As a student and then a self-employed person, I went through several phases of experimenting with programs and devices to do my work. These have been the ones that have stayed with me.
Some notes app
I use Apple Notes for on-the-go notes and once in a while move everything over to Microsoft’s more structured OneNote for long-term storage.
Usually my self-control is pretty good. When I’m reopening Twitter for the fourth time in an hour and quickly running into the same tweets I just saw, I know I need the intervention of an external force. Three clicks of the Freedom icon on my Mac and I can block Twitter (and any other distracting site, if I need to) for as long as necessary.
If the Internet is something you use, this is important. I use Chrome but I have Firefox on all my devices as well.
Ever since I learned to use Unix in college, setting up a terminal (or the Windows subsystem for Linux on Windows 10) is always one of the first things I do. My .bashrc has been incrementally expanded and contracted and relocated for a few years now, allowing complete and portable customization of my shell environment.
(*–pedantic: Yes, it’s technically a “terminal emulator“. No, this particular language difference does not matter to me.)
A text editor
For code, short messages, drafts, and occasional distraction-free writing, I always have a text editor. The default programs are fine, but I like Atom on my Mac and Microsoft Visual Studio on my Windows desktop. If I’m running a terminal I use vim.*
*If you’re torn in a Unix environment, just use the one you learned first – vi, vim, emacs, nano, whatever. In almost all cases, the differences are less important than loud people say online.
An office suite
In 99% of cases this is Google Drive. I use it for word processing and for my sprawling budget spreadsheets. Collaboration is easy, the interface is pleasant, and it’s free. Microsoft Office has more features, though, so if I need more tools than Drive supports I turn to Office. Exception: I use Keynote on my Mac for presentations because I like it quite a lot. I seldom use any other presentation tool.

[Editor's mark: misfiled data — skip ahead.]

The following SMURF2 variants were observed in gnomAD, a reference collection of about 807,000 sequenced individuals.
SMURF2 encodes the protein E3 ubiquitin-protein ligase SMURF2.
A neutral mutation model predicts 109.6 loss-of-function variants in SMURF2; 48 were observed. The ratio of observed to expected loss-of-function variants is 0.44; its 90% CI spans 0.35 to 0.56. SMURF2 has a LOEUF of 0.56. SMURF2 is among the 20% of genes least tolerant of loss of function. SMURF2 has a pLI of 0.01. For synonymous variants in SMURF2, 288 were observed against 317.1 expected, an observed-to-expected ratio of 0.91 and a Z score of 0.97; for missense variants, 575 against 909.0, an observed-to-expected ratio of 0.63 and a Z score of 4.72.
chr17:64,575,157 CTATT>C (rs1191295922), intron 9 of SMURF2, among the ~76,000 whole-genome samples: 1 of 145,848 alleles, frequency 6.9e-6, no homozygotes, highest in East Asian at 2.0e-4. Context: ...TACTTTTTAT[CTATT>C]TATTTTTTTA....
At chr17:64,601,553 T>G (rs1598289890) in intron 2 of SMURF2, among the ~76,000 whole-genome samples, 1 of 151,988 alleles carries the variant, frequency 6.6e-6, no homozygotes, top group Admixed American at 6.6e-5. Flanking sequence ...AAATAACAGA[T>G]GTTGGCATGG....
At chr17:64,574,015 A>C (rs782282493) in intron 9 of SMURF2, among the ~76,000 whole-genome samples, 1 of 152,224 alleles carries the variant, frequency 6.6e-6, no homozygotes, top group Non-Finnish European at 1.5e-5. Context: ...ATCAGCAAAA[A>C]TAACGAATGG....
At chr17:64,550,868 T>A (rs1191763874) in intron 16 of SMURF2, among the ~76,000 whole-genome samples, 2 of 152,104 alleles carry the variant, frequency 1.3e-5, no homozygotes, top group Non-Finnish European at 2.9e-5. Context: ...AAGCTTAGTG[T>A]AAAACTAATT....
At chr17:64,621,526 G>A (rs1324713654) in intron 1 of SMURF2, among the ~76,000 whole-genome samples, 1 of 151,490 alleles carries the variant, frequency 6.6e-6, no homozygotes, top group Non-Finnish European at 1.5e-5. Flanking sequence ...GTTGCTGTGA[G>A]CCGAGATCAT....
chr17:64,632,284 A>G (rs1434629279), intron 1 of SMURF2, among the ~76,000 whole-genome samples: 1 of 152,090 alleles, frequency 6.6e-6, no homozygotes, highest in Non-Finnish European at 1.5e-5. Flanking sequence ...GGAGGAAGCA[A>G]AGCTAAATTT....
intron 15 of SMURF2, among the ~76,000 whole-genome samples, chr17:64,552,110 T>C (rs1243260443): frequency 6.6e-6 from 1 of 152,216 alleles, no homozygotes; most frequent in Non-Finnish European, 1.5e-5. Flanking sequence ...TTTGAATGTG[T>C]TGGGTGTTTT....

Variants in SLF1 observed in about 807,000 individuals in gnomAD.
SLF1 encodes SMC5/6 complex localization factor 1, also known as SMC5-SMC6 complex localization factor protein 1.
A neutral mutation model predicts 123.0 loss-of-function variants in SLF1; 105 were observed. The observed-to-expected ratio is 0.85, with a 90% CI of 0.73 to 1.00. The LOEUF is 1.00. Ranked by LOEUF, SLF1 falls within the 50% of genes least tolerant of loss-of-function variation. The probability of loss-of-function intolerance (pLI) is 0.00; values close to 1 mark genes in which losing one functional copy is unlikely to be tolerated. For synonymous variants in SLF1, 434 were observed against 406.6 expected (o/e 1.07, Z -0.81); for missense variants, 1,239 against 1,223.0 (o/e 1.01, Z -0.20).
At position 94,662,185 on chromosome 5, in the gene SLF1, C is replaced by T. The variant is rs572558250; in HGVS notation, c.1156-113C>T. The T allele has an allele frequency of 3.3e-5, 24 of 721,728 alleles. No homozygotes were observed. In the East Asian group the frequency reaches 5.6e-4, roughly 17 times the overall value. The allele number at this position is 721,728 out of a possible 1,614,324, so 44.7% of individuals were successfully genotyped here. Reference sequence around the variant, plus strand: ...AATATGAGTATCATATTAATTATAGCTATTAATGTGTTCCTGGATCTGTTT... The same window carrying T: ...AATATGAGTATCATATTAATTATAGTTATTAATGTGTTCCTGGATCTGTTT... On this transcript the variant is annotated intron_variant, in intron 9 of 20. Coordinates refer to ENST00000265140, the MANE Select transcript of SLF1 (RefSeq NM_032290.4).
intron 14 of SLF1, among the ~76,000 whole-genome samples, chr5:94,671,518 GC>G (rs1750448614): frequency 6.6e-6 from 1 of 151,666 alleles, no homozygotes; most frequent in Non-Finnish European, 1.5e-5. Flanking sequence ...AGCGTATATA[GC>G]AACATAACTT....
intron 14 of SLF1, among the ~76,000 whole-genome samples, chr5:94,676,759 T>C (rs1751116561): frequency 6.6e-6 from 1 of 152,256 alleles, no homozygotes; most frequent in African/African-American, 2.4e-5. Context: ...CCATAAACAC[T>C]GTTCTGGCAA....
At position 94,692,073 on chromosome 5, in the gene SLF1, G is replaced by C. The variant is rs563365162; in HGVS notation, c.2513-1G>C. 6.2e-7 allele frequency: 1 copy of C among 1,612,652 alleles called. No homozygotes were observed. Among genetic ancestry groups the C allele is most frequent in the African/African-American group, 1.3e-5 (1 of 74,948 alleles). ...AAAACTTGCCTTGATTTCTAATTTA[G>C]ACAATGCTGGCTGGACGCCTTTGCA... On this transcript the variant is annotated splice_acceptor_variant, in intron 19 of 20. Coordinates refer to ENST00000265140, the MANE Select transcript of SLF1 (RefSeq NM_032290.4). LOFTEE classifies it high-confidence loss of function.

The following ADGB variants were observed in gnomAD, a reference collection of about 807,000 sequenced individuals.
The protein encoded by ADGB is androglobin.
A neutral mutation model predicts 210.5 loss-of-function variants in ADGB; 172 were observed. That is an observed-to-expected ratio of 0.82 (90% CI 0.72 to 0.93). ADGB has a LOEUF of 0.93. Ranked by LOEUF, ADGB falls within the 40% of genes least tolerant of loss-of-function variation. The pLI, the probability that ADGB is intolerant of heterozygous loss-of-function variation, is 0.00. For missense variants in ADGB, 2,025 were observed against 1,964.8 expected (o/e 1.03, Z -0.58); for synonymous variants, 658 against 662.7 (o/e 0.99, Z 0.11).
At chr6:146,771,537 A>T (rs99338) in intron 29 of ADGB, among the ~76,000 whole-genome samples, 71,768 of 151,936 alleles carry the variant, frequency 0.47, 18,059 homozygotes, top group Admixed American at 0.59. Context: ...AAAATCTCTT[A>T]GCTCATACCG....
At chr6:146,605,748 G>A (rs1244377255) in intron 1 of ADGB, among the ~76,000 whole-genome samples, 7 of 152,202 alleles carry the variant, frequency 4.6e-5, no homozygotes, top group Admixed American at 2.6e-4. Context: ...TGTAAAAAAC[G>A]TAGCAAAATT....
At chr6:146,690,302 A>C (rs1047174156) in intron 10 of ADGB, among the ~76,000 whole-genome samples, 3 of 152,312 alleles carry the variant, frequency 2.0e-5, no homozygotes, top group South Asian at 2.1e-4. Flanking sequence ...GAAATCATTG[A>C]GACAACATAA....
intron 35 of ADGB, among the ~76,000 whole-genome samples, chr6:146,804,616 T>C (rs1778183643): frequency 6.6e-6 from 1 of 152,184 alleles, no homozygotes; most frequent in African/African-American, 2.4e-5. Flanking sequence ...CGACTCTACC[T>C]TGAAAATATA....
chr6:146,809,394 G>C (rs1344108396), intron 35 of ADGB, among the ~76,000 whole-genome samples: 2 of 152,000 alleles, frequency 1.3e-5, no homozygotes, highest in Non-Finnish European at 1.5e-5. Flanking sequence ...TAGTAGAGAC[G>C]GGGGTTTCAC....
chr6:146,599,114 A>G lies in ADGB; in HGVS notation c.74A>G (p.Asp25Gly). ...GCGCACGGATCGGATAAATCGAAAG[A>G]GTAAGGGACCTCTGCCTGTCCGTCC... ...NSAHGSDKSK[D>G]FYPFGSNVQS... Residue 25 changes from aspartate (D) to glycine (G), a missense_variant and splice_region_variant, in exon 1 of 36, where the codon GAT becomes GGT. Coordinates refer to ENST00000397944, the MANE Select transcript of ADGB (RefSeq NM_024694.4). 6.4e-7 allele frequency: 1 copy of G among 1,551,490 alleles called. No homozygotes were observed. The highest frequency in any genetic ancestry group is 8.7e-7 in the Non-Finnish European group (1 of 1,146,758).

A scanning app
I don’t like to carry around a lot of paper. I digitize my receipts and other paperwork whenever I can. When I had a desk I could use a document scanner, but now I just use Scanbot Pro. Once I have PDF’s and upload them to the cloud, I discard the paper copies. I will almost never need them later anyway, and a few megabytes on a computer is better than several drawers in a file cabinet.
I do keep paper copies of tax documents and papers that are significant as paper artifacts, but everything else gets scanned.
Some bibliographical tool
This I used more as a student (and now faculty member) and I hesitate to include it in a list I’d prefer to be general, but it saves a lot of time. Most people can use Zotero. I work in CS where most people write in LaTeX, so I use the BibTeX format instead whenever I can. Usually citation contents can be directly exported in that format from the site where the source was accessed, but if not the LaTeX world is well-documented and most labels (e.g. “author”) are intuitive.
What I don’t use
I’m not a strictly minimalist person, but a lot of the utilities and helpful programs you can find online aren’t necessary. Investigation, installation, configuration, and maintenance take time that could be better used elsewhere, in return for questionable time savings in the long run. I don’t use a window manager on my Mac, for example, because mostly managing windows on my Mac is fine with the built-in tools.
Being cautious about what I install helps save time and delay the inevitable buildup of system cruft that has to be purged once in a while.
This is it
There are a dozen other tools I’ve used: QuickBooks accounting software, map/direction tools, chat clients, maybe an email client, etc. In specific cases, those are worth exploring and probably worth running. This is a list of what I consider a solid foundation for productive work for most people.